How to Insulate Your Home With Newspaper

How to Insulate Your Home With Newspaper

How to Insulate Your Home With Newspaper

Why Use Newspaper as Insulation?

Newspaper can make an excellent insulator for homes. Here are some of the benefits of using newspaper as insulation:

  • Cost effective – Newspaper is very cheap and widely available, making it one of the most budget-friendly insulation options. The raw materials are low cost compared to fiberglass batts or rigid foam boards.

  • Environmentally friendly – Recycling old newspapers by using them for insulation keeps them out of landfills. It’s a great way to reuse a material that would otherwise be trash.

  • Decent insulator – While not as effective as some other types of insulation, newspaper still provides good insulating properties. It slows heat transfer and improves energy efficiency.

  • Easy to install – Newspaper insulation is simple to install. In most cases, no special tools or skills are required. The lightweight material is easy to cut, shape and place where needed.

  • Doesn’t promote mold growth – Unlike some other organic insulation materials, newspaper doesn’t readily support mold growth. The ink prevents absorption of moisture.

  • Non-toxic – No harmful chemicals are used in producing newspaper, making it a safe choice. There are no irritating fibers or dust.

  • Can insulate hard-to-fill spaces – Newspaper can be loosely packed into irregularly shaped areas and gaps that would be difficult to insulate with rigid boards or batts.

Where to Use Newspaper Insulation

Some of the best uses for newspaper insulation include:

  • Attic floors – Spread newspaper between joists in attic spaces to insulate ceilings below.

  • Wall cavities – Use newspaper to insulate both interior and exterior walls by packing it into the cavities.

  • Floor joists – Insulate floors by packing newspaper between floor joists before installing subflooring.

  • Crawl spaces – Place newspaper under floors in crawl spaces to insulate the area.

  • Ductwork – Wrap HVAC ductwork passing through unheated spaces with newspaper to reduce heat loss.

  • Odd-shaped spaces – Use wadded up newspaper to fill irregular gaps and spaces that require insulation.

Newspaper insulation generally works best for small jobs or filling in spaces around other insulation materials. It usually isn’t sufficient as the only insulation for an entire attic or exterior walls. Supplement it with fiberglass, rigid foam or other types of insulation.

Preparing and Installing Newspaper Insulation

Installing newspaper insulation is a fairly straightforward process:

Gather and Prepare the Newspapers

  • Collect old newspapers – Look for giveaways or ask neighbors to save their papers.

  • Separate glossy inserts – The shiny pages don’t insulate as well. Remove them.

  • Shred or tear into strips – Tearing by hand creates nice long strips. Or use a shredder.

Protect Floors and Fill Gaps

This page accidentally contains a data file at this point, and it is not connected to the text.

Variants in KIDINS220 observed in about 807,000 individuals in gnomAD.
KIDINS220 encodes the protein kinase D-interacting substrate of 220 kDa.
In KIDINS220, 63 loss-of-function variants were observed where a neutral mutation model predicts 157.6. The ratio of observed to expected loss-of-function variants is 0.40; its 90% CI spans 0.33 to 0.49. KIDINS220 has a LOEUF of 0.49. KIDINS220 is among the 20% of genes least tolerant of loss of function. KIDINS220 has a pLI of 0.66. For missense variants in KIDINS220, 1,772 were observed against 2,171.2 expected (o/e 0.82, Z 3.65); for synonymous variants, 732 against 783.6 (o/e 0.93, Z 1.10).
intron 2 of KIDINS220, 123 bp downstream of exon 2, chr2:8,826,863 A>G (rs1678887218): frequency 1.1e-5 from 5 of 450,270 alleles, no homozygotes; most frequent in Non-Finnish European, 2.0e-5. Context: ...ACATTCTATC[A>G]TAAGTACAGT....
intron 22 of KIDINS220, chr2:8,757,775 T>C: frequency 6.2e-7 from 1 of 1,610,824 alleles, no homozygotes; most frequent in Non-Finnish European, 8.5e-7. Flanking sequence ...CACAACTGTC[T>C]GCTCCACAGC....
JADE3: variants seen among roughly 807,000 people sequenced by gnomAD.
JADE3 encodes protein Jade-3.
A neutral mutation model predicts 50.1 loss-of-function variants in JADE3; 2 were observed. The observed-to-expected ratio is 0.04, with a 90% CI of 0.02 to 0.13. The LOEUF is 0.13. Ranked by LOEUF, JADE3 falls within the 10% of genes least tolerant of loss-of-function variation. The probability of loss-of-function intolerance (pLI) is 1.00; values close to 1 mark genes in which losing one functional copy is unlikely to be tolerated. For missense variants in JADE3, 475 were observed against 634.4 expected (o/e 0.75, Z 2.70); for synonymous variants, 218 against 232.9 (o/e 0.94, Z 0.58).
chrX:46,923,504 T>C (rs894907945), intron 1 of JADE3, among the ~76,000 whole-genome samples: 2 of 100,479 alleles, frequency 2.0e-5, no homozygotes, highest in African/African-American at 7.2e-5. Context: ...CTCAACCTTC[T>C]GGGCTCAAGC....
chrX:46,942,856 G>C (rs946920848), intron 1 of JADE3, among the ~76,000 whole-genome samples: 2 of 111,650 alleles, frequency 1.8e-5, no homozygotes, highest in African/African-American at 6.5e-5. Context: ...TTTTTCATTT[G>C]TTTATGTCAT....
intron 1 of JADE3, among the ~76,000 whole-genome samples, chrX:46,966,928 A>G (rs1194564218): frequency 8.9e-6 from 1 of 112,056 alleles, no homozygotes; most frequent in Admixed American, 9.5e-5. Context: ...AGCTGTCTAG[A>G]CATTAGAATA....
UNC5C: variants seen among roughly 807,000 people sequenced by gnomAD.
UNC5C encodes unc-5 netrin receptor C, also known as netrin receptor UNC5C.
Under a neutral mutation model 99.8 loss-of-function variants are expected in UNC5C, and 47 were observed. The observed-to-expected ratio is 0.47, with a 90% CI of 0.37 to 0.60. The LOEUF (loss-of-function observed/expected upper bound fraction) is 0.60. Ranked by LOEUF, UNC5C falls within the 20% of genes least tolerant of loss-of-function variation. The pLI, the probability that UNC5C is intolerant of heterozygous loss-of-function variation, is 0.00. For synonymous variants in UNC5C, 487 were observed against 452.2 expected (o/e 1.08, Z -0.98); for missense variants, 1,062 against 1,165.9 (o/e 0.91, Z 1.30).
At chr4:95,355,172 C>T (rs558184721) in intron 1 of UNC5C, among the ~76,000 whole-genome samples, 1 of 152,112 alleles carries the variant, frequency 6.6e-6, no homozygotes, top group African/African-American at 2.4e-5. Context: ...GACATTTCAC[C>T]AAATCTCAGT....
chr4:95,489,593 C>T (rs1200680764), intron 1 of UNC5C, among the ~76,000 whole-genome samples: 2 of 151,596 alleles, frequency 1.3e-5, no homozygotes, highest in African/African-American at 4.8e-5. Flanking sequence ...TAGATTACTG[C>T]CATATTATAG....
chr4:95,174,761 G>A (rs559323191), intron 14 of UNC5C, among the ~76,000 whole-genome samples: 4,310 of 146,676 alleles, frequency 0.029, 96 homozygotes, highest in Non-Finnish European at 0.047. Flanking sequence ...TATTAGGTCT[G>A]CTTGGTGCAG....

• Cover floors – Lay down tarps or plastic sheeting to catch loose pieces.

  • Seal cracks – Use caulk or spray foam to fill any cracks or holes first.

Pack Newspaper into Places Needing Insulation

  • Wear gloves and long sleeves – For scratch protection when handling paper.

  • Fill cavities loosely – Don’t compact the newspaper tightly. Allow loft and air pockets.

  • Get good coverage – Pack it into all corners and edges leaving no gaps.

  • Supplement where needed – Add fiberglass or other insulation if extra R-value is needed.

Finish With Vapor Barrier and Close Up

  • Install vapor barrier – On the warm side of insulation, use plastic sheeting or Kraft paper.

  • Close access points – Replace any insulation shields and close up openings once done.

  • Let insulation loft – Give newspaper a day or two to fully loft before closing up.

Tips for Effective Insulation With Newspaper

Follow these tips to get the best results from newspaper insulation:

  • Use more layers rather than compacting tightly. The air pockets provide insulation value.

  • Make sure newspapers are dry when installing. Any moisture reduces effectiveness.

  • Wear proper protective equipment like dust masks, gloves and eye protection.

  • Combine newspaper with other insulation like fiberglass to increase overall R-value.

  • Have a strategy for empty cavities, edges, wiring and plumbing before starting.

  • Get proper fire safety clearances from wiring, lights and chimneys when insulating attics.

  • Ensure proper ventilation is maintained for optimal air circulation and moisture control.

  • Hire an insulation professional if unsure about proper clearances or installation techniques.

Alternatives to Newspaper Insulation

While newspaper makes a decent insulator, other materials provide higher insulation value:

  • Fiberglass – Fiberglass batts or loose-fill are some of the most common insulators used.

  • Mineral wool – Made from natural materials, mineral wool has similar properties as fiberglass.

  • Cellulose – Shredded paper treated with fire retardant makes excellent blown-in insulation.

  • Rigid foam – Polystyrene or polyurethane foam boards have high insulating properties.

  • Spray foam – Foam insulation sprayed in as a liquid provides a seamless air barrier.

  • Natural materials – Options like cotton, sheep’s wool, hemp and straw also work for insulation.

For maximum energy efficiency, it’s usually best to use proper insulation like fiberglass, mineral wool or rigid foam whenever possible. But newspaper can be a quick, inexpensive solution for small insulation jobs or filling in leftover gaps. With some simple preparation and installation techniques, recycled newspaper can become an effective form of insulation in your home.